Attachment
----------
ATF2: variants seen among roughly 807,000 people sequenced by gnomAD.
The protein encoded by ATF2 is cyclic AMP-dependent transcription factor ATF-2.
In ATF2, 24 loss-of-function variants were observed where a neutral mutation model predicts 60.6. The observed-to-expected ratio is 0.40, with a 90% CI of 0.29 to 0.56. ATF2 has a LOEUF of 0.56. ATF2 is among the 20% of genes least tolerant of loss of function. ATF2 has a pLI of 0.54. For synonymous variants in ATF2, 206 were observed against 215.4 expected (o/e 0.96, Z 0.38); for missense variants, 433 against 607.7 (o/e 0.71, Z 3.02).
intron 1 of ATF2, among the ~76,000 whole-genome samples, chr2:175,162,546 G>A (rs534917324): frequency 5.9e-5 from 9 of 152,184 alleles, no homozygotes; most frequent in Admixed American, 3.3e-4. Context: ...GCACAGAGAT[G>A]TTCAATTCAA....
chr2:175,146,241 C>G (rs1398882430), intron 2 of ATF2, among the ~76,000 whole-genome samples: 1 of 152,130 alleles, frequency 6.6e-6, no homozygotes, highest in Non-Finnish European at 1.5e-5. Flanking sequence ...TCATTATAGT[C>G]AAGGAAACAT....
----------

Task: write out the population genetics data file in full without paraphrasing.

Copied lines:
ATF2: variants seen among roughly 807,000 people sequenced by gnomAD.
The protein encoded by ATF2 is cyclic AMP-dependent transcription factor ATF-2.
In ATF2, 24 loss-of-function variants were observed where a neutral mutation model predicts 60.6. The observed-to-expected ratio is 0.40, with a 90% CI of 0.29 to 0.56. ATF2 has a LOEUF of 0.56. ATF2 is among the 20% of genes least tolerant of loss of function. ATF2 has a pLI of 0.54. For synonymous variants in ATF2, 206 were observed against 215.4 expected (o/e 0.96, Z 0.38); for missense variants, 433 against 607.7 (o/e 0.71, Z 3.02).
intron 1 of ATF2, among the ~76,000 whole-genome samples, chr2:175,162,546 G>A (rs534917324): frequency 5.9e-5 from 9 of 152,184 alleles, no homozygotes; most frequent in Admixed American, 3.3e-4. Context: ...GCACAGAGAT[G>A]TTCAATTCAA....
chr2:175,146,241 C>G (rs1398882430), intron 2 of ATF2, among the ~76,000 whole-genome samples: 1 of 152,130 alleles, frequency 6.6e-6, no homozygotes, highest in Non-Finnish European at 1.5e-5. Flanking sequence ...TCATTATAGT[C>G]AAGGAAACAT....